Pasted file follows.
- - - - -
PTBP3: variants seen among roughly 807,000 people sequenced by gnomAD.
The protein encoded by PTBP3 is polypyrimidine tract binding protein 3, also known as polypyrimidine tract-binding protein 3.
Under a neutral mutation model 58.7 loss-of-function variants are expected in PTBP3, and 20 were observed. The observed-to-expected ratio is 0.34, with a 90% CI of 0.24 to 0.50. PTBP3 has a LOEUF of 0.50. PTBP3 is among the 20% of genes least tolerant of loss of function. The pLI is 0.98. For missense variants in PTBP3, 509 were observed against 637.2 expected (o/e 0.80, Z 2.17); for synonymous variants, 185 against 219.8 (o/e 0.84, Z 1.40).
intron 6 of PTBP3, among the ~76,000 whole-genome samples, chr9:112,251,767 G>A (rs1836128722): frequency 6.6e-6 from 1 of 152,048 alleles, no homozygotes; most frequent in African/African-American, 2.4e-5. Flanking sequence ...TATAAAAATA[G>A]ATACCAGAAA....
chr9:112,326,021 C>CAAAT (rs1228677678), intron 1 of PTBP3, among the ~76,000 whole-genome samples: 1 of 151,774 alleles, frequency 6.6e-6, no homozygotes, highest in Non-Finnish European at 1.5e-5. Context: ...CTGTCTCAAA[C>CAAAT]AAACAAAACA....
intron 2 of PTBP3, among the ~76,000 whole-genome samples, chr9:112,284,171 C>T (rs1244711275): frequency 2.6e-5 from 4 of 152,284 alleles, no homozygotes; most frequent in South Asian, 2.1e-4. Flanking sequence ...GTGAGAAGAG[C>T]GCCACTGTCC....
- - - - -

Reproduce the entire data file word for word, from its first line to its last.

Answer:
PTBP3: variants seen among roughly 807,000 people sequenced by gnomAD.
The protein encoded by PTBP3 is polypyrimidine tract binding protein 3, also known as polypyrimidine tract-binding protein 3.
Under a neutral mutation model 58.7 loss-of-function variants are expected in PTBP3, and 20 were observed. The observed-to-expected ratio is 0.34, with a 90% CI of 0.24 to 0.50. PTBP3 has a LOEUF of 0.50. PTBP3 is among the 20% of genes least tolerant of loss of function. The pLI is 0.98. For missense variants in PTBP3, 509 were observed against 637.2 expected (o/e 0.80, Z 2.17); for synonymous variants, 185 against 219.8 (o/e 0.84, Z 1.40).
intron 6 of PTBP3, among the ~76,000 whole-genome samples, chr9:112,251,767 G>A (rs1836128722): frequency 6.6e-6 from 1 of 152,048 alleles, no homozygotes; most frequent in African/African-American, 2.4e-5. Flanking sequence ...TATAAAAATA[G>A]ATACCAGAAA....
chr9:112,326,021 C>CAAAT (rs1228677678), intron 1 of PTBP3, among the ~76,000 whole-genome samples: 1 of 151,774 alleles, frequency 6.6e-6, no homozygotes, highest in Non-Finnish European at 1.5e-5. Context: ...CTGTCTCAAA[C>CAAAT]AAACAAAACA....
intron 2 of PTBP3, among the ~76,000 whole-genome samples, chr9:112,284,171 C>T (rs1244711275): frequency 2.6e-5 from 4 of 152,284 alleles, no homozygotes; most frequent in South Asian, 2.1e-4. Flanking sequence ...GTGAGAAGAG[C>T]GCCACTGTCC....